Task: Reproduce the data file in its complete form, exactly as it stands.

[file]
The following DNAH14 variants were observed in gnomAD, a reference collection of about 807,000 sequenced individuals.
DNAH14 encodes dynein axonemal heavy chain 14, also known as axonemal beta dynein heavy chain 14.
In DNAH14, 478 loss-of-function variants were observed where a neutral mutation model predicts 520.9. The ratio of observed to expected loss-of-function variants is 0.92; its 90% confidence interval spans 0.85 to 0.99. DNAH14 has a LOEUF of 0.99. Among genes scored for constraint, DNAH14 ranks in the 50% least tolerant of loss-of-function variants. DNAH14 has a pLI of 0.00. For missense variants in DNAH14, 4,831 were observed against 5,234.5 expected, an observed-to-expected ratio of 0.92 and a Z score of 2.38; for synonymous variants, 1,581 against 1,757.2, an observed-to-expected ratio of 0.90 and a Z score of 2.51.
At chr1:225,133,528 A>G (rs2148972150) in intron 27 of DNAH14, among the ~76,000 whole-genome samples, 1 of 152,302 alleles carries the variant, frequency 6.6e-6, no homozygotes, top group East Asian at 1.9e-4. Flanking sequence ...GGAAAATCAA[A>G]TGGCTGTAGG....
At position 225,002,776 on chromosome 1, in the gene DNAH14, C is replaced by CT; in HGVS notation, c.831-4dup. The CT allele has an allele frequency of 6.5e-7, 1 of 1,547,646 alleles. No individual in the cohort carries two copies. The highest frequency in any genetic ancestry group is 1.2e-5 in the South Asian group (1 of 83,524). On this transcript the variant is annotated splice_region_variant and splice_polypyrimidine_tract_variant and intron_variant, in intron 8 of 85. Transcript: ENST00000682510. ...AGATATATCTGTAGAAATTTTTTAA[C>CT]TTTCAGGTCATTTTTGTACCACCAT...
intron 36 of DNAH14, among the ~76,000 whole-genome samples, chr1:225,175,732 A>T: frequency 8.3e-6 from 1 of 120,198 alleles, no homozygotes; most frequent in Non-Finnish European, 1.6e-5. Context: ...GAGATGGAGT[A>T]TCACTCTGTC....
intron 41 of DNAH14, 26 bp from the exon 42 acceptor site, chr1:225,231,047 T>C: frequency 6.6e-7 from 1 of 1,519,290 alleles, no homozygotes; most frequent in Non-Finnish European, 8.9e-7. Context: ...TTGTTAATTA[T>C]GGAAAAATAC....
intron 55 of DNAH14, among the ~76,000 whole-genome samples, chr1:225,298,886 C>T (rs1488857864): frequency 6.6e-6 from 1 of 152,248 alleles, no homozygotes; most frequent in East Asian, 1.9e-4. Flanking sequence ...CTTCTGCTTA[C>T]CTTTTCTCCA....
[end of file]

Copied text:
The following DNAH14 variants were observed in gnomAD, a reference collection of about 807,000 sequenced individuals.
DNAH14 encodes dynein axonemal heavy chain 14, also known as axonemal beta dynein heavy chain 14.
In DNAH14, 478 loss-of-function variants were observed where a neutral mutation model predicts 520.9. The ratio of observed to expected loss-of-function variants is 0.92; its 90% confidence interval spans 0.85 to 0.99. DNAH14 has a LOEUF of 0.99. Among genes scored for constraint, DNAH14 ranks in the 50% least tolerant of loss-of-function variants. DNAH14 has a pLI of 0.00. For missense variants in DNAH14, 4,831 were observed against 5,234.5 expected, an observed-to-expected ratio of 0.92 and a Z score of 2.38; for synonymous variants, 1,581 against 1,757.2, an observed-to-expected ratio of 0.90 and a Z score of 2.51.
At chr1:225,133,528 A>G (rs2148972150) in intron 27 of DNAH14, among the ~76,000 whole-genome samples, 1 of 152,302 alleles carries the variant, frequency 6.6e-6, no homozygotes, top group East Asian at 1.9e-4. Flanking sequence ...GGAAAATCAA[A>G]TGGCTGTAGG....
At position 225,002,776 on chromosome 1, in the gene DNAH14, C is replaced by CT; in HGVS notation, c.831-4dup. The CT allele has an allele frequency of 6.5e-7, 1 of 1,547,646 alleles. No individual in the cohort carries two copies. The highest frequency in any genetic ancestry group is 1.2e-5 in the South Asian group (1 of 83,524). On this transcript the variant is annotated splice_region_variant and splice_polypyrimidine_tract_variant and intron_variant, in intron 8 of 85. Transcript: ENST00000682510. ...AGATATATCTGTAGAAATTTTTTAA[C>CT]TTTCAGGTCATTTTTGTACCACCAT...
intron 36 of DNAH14, among the ~76,000 whole-genome samples, chr1:225,175,732 A>T: frequency 8.3e-6 from 1 of 120,198 alleles, no homozygotes; most frequent in Non-Finnish European, 1.6e-5. Context: ...GAGATGGAGT[A>T]TCACTCTGTC....
intron 41 of DNAH14, 26 bp from the exon 42 acceptor site, chr1:225,231,047 T>C: frequency 6.6e-7 from 1 of 1,519,290 alleles, no homozygotes; most frequent in Non-Finnish European, 8.9e-7. Context: ...TTGTTAATTA[T>C]GGAAAAATAC....
intron 55 of DNAH14, among the ~76,000 whole-genome samples, chr1:225,298,886 C>T (rs1488857864): frequency 6.6e-6 from 1 of 152,248 alleles, no homozygotes; most frequent in East Asian, 1.9e-4. Flanking sequence ...CTTCTGCTTA[C>T]CTTTTCTCCA....